Spanish Flags In The Napoleonic Wars: The Royal Guard (Guardia Real)
Editor's Note: Luis Sorando Muzás works as the flag expert at
the Spanish Army Museum in Madrid, where among other things, he catalogs
Spanish flags and trophies. He recently wrote a book Banderas, estandartes
y trofeos del Museo del Ejército 1700-1843, Catálogo razonado which
was published by the Minstry of Defense in 2001. It is 206 pages long
comes with a compac disk with about 1,200 color photos of flags and
700 pages of text describing the flags, their history, etc. Over 200
of the flags are from the Napoleonic Era! The book cost 18 Euros in
Spain and its ISBN is: 84-7823-812-3
Compañía de Reales Guardias Alabarderos (Company of Royal Alabardiers Guards): this unit was never issued a flag.
Reales Guardias Españolas (Regiment of the Royal Spanish Guards): This regiment was raised in 1704 and was composed of 3 battalions. Initially, each company had their own flag. In 1728, the regiment only carried three flags on campaign. In 1762, the number was set at two flags for the regiment while on campaign and after the reforms of 1802, only one flag was carried.
The flag of the first battalion were called "Coronela" and it was always purple, sewn with golden fleur-de-lis and with a great castle of the same metal in the center. On the reverse of the flag was the same emblem, but a mirror image of the emblem on the obverse. None of these flags are known to exist today.
The other two battalions carried flags that were known as "sencilla" or "de ordenanza". These flags were white, and approximately 1.5 meters x 1.5 meters. Beginning in 1762, these flags had the Royal Arms in the center, on the crossing of the red cross of Borgoña whose ends were capped with royal crowns. Along the edges were two large lions supporting the Royal Arms.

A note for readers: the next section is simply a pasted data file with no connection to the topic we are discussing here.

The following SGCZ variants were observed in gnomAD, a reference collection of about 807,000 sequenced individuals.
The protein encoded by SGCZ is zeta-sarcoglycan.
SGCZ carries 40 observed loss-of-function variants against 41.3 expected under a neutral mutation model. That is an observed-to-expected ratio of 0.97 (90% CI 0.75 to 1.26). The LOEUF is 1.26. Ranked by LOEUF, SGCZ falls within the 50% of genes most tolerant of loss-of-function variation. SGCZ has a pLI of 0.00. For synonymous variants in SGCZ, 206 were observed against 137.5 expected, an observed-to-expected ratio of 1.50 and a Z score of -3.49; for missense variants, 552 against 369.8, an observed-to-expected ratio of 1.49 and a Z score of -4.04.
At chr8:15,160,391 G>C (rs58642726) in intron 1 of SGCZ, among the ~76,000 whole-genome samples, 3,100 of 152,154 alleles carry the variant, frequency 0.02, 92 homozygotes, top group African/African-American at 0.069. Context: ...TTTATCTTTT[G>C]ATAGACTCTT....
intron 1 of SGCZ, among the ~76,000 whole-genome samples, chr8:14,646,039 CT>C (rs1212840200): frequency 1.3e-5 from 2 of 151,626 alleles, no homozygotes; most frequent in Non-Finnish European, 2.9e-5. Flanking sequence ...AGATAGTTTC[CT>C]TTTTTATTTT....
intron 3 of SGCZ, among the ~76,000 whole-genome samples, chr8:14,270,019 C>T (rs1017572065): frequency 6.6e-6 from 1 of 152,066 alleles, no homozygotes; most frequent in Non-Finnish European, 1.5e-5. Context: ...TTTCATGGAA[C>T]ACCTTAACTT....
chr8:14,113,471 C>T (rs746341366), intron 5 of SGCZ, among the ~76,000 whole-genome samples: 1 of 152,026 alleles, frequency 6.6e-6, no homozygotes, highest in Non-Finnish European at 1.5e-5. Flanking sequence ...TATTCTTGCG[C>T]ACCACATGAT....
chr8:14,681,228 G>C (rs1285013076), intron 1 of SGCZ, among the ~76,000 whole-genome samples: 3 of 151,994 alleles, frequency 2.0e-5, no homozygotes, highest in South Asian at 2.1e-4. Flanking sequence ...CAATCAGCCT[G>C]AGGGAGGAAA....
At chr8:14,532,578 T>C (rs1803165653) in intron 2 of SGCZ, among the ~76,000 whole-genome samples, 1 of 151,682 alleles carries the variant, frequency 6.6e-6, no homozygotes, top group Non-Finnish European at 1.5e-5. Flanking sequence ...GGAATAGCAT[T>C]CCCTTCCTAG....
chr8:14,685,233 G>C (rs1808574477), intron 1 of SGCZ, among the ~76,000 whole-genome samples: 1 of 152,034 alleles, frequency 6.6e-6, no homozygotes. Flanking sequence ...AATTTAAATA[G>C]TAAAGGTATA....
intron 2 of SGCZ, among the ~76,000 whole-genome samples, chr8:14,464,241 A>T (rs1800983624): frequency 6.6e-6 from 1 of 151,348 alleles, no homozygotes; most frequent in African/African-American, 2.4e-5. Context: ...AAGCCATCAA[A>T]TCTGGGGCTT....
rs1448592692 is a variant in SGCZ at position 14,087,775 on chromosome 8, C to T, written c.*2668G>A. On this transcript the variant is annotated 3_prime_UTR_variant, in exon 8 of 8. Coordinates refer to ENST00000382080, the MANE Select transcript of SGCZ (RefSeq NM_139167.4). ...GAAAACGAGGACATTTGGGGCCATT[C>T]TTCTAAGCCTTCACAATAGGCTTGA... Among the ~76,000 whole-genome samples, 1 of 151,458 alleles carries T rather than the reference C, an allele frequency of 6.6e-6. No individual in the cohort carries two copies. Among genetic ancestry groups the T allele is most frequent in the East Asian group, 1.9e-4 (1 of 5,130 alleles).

Reales Guardias Walonas (Regiment of the Royal Walloon Guards): This regiment consisted of 3 battalions, and initially, like the Royal Spanish Guards, each company had a flag. These were reduced to 1 flag per battalion while on campaign.
Their “Coronela” was white, identical to the "sencilla" of the Spanish Guards but embroidered with more wealth. The "sencillas" also had the same design as the Spanish Guards, but the cloth was blue.
Reales Guardias de Corps (Royal Guards of Corps): The Guard of Corps consisted of four companies. Each company had two standards. The standards were identical for all companies, but each company had a unique color. The First Company’s color was red, the Second’s green, and the Third’s yellow.
In the center of the flag was the emblem of the Corps. It was embroidered on both sides with a radiant sun, dissipating some clouds on the sea, furrowed by two sailing ships, and the motto SOLVIT FORMIDINE TERRAS, surrounded by decorations of silver leaves. The flag had silver fringes. On the reverse of the flag was the same emblem.
Beginning in 1810, only the red flag was used.
Brigada de Carabineros Reales (Royal Carabiniers Brigade): The Royal Carabiniers Brigade had 4 standards: one white and three blue ones. All standards had the Royal Arms embroidered on both sides, surrounded by decorations of silver leaves. On the reverse of the flag was the same emblem, but a mirror image of the emblem on the obverse. The flag had silver fringes.
Placed on the Napoleon Series: February 2002
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